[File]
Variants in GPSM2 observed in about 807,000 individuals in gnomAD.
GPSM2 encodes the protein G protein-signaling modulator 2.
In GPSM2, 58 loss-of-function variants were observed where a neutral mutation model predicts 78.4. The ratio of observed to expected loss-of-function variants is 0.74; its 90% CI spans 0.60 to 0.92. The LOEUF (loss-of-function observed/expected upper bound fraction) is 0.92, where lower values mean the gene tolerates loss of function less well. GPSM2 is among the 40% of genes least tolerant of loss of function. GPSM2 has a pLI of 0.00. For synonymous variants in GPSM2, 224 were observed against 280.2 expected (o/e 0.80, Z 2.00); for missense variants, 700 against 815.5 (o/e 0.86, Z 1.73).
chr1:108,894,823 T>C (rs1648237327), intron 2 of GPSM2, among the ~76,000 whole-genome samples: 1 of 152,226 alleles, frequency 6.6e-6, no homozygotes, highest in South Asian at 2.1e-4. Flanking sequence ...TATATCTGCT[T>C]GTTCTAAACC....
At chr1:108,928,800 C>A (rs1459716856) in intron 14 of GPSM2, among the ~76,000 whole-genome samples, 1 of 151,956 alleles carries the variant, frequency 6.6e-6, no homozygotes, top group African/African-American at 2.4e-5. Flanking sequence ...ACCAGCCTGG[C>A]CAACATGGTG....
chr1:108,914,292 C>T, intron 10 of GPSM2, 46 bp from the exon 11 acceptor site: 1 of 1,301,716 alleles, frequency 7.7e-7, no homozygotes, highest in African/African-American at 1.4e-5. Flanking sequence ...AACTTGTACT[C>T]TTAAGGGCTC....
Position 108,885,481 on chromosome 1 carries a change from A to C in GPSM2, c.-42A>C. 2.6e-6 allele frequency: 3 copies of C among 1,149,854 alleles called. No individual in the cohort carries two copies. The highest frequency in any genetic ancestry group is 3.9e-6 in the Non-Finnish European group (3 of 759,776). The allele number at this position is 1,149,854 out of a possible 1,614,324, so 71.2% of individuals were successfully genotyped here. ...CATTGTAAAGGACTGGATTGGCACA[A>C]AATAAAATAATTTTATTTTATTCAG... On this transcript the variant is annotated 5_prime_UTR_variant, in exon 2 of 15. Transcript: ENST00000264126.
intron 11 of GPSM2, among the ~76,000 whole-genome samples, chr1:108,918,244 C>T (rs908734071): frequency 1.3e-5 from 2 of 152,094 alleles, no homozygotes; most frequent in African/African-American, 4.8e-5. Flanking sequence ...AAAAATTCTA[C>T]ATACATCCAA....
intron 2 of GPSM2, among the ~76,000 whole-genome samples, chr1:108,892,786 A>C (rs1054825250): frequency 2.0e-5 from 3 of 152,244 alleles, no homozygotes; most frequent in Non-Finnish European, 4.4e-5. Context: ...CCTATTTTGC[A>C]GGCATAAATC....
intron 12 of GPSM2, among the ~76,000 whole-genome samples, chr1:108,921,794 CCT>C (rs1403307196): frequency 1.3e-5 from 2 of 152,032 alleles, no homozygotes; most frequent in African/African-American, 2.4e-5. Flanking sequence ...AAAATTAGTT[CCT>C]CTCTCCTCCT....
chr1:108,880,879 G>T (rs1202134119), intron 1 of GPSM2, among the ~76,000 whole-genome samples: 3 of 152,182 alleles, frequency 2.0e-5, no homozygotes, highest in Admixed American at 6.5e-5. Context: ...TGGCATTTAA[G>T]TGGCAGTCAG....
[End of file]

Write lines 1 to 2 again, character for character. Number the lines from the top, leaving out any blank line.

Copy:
Variants in GPSM2 observed in about 807,000 individuals in gnomAD.
GPSM2 encodes the protein G protein-signaling modulator 2.